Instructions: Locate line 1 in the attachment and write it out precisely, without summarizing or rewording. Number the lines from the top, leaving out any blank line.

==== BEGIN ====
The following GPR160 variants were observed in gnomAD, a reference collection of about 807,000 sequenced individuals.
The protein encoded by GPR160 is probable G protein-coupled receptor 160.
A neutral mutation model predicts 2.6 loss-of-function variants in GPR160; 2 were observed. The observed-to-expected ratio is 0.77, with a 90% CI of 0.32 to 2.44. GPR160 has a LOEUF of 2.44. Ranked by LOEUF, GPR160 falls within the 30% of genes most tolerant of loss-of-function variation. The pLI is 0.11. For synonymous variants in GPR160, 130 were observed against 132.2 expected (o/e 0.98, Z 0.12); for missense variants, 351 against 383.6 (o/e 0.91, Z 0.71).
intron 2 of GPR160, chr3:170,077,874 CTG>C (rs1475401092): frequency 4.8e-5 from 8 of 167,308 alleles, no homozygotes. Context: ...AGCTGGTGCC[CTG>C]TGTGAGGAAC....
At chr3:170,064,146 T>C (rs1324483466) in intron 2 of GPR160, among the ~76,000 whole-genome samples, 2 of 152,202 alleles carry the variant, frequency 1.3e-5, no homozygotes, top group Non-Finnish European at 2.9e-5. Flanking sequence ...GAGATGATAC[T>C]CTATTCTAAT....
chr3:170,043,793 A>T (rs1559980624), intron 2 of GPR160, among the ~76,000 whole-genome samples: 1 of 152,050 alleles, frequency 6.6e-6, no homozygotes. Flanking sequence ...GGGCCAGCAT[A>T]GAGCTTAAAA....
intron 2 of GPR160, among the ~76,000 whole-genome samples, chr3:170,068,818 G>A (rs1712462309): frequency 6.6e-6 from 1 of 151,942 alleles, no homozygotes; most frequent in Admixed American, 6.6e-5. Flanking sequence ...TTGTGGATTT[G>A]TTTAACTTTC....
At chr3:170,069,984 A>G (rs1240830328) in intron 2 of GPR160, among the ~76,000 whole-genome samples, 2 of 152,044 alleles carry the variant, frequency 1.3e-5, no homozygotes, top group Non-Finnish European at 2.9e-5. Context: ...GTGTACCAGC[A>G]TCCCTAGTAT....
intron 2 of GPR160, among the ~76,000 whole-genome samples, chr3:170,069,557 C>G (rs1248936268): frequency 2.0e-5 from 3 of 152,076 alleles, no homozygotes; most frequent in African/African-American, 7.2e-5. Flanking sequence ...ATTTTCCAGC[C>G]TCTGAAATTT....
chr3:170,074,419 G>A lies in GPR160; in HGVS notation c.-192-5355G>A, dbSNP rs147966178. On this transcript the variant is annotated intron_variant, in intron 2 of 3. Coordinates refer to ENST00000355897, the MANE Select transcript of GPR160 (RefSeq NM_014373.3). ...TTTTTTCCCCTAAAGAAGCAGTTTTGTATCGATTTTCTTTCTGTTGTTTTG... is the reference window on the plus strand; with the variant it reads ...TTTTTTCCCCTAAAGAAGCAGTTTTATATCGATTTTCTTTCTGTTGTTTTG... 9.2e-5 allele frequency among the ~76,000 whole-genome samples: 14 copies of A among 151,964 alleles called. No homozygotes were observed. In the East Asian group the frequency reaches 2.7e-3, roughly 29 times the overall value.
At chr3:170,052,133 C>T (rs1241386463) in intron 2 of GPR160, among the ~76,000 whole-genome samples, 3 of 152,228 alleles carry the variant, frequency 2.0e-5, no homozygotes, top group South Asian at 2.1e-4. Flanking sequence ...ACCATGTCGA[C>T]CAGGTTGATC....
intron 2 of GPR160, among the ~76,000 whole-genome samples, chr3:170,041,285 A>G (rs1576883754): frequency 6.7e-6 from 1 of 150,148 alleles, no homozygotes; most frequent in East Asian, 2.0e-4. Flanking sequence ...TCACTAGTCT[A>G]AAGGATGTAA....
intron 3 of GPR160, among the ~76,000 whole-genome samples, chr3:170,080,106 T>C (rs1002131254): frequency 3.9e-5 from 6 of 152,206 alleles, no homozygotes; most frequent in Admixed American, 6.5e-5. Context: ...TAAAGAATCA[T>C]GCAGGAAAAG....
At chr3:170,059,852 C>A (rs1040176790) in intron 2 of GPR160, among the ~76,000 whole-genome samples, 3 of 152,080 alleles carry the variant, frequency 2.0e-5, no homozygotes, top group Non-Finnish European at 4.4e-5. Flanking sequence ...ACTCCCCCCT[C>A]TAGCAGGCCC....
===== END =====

The following GPR160 variants were observed in gnomAD, a reference collection of about 807,000 sequenced individuals.